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Salvation Army: new funding to tackle homelessness must be backed by support services

06 March 2020

The Government must also reverse cuts to mental-health support services


An emergency sleeping hut, known as a “homeless” pod: the result of an initiative by Amazing Grace Spaces. The pod is 8ft by 6ft, with a bed, lavatory, and USB socket. It was on display at the Christian Resources Exhibition this week. They are available to churches on order

An emergency sleeping hut, known as a “homeless” pod: the result of an initiative by Amazing Grace Spaces. The pod is 8ft by 6ft, with a bed, lavatory...

THE Government’s latest funding-backed pledge to tackle homelessness in the UK offers a “glimmer of hope” to rough-sleepers, but must be matched by longer-term solutions, the Salvation Army has said.

Last week, the Government committed £236 million to finding accommodation for up to 6000 rough-sleepers and people at immediate risk of homelessness in the country. The Prime Minister also appointed Dame Louise Casey to review the issue.

Government figures published last month state that an estimated 4266 people were sleeping rough on a single night last autumn. Although this represented a decrease of nine per cent (411 people) on the same night in 2018, this figure has risen by 141 per cent since 2010 (2498 people). Most rough-sleepers (83 per cent) were male.

The assistant director of homelessness services for the Salvation Army, Malcolm Page, said: “Fewer people being forced to sleep rough is a glimmer of hope, but we have a long way to go to help everyone who is without a safe place to shelter tonight and every night.

“Urgent action and long-term solutions are desperately needed to stop the causes of homelessness in the first place, and to get people off the streets for good.”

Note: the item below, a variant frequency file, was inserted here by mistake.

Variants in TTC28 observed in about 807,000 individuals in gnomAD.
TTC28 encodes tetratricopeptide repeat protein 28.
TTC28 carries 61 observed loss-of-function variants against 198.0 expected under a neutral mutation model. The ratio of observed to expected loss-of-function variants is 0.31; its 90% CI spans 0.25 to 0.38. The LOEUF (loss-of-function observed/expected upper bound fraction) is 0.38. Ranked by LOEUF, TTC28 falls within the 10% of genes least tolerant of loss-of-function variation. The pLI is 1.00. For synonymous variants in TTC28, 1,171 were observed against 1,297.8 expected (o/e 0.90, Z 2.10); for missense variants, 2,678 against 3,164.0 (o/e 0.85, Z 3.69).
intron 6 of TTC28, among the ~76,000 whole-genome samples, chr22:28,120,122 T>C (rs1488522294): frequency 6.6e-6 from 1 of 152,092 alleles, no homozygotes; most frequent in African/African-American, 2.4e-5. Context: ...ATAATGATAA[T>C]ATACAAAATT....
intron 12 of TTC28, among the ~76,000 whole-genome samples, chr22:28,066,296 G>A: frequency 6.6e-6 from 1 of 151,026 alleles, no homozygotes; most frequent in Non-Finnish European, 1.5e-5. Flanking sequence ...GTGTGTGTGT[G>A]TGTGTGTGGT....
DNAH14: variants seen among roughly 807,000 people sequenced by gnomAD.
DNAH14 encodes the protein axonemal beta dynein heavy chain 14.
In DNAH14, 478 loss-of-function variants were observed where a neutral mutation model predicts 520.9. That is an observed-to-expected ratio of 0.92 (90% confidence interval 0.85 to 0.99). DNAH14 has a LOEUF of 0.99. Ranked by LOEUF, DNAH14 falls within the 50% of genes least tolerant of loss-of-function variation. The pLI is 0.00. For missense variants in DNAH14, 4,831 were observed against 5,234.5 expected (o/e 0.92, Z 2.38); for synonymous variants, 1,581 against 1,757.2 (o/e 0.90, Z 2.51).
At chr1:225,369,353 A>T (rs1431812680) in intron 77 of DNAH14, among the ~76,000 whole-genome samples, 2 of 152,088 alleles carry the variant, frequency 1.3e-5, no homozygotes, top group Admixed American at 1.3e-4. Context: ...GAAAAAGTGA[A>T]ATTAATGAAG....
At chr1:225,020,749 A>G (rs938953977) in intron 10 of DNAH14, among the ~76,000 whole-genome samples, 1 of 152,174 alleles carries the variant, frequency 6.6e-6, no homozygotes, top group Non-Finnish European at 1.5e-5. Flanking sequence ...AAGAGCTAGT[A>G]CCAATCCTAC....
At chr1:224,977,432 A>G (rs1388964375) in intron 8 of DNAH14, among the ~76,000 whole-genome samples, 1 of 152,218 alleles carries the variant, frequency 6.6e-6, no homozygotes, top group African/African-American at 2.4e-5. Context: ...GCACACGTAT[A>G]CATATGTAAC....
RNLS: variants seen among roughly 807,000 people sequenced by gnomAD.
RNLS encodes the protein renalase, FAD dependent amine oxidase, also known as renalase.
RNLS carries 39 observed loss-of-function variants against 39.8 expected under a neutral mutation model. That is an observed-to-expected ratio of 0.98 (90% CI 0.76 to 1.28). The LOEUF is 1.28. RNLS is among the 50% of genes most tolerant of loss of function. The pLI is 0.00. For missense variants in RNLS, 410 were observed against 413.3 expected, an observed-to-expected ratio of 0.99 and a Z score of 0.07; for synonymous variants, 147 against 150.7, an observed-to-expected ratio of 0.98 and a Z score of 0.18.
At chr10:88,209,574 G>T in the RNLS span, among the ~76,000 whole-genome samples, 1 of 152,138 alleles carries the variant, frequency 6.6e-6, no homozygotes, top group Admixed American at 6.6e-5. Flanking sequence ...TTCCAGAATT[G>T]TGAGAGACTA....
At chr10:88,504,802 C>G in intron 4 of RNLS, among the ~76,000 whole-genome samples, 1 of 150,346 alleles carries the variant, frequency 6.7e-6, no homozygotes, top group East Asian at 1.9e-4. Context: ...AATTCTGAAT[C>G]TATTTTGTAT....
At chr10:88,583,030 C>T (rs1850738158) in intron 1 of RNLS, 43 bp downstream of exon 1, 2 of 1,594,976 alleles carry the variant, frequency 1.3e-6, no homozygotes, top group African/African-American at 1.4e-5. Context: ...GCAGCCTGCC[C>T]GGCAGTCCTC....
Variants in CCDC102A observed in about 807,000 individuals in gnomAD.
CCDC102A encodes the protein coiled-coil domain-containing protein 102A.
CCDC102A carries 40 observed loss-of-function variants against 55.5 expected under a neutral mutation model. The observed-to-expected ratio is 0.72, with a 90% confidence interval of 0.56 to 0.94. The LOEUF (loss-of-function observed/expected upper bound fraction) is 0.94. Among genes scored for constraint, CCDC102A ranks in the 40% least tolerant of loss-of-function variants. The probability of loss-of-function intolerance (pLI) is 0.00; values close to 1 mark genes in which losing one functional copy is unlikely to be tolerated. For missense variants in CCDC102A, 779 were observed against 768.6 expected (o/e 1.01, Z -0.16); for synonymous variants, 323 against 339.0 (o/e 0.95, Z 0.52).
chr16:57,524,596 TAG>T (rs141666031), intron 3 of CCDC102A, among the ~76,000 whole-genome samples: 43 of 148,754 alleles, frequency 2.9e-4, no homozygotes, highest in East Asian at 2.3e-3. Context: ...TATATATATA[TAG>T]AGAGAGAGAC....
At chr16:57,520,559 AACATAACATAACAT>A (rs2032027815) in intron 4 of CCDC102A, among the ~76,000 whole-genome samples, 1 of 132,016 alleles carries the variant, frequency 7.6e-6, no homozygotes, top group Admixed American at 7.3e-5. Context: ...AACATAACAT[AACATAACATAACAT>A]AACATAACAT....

More investment in support services was needed, he said. “Quick fixes will not work. The Government must prioritise consistent funding to combat homelessness, to keep its promise to end rough sleeping by the end of this Parliament. The latest this would be is 2025; so reversing cuts to services, including addiction and mental-health support, must happen now.”

The chief executive of Shelter, Polly Neate, said that “serious investment” in social housing was essential. “Unless the Government tackle the drought of genuinely affordable homes, homelessness is not going anywhere. Rough sleeping is only the tip of the iceberg: there are literally hundreds of thousands more homeless people stuck in temporary accommodation. . .

“The upcoming budget is the perfect opportunity to champion a new generation of social homes and increase housing benefit, so it covers the basic cost of private rents.”

The founder and director of the charity Hope into Action, Ed Walker, said that the announcement came with a challenge to churches. “Boris Johnson has noticed the tragic situation on our streets and wants to provide more housing. At Hope into Action, we are urging churches to do the same. We believe churches have a role and a responsibility to care for the most needy in their society. . .

“While it is an important role for the Church to lobby and hold the Government to account. . . We argue churches can house the homeless. In Peterborough, for example, we now have 15 churches housing the homeless; so tonight there are 40 people being housed and on a rehabilitative journey all being supported and loved by the local churches. Why can’t this become the norm for every church?”

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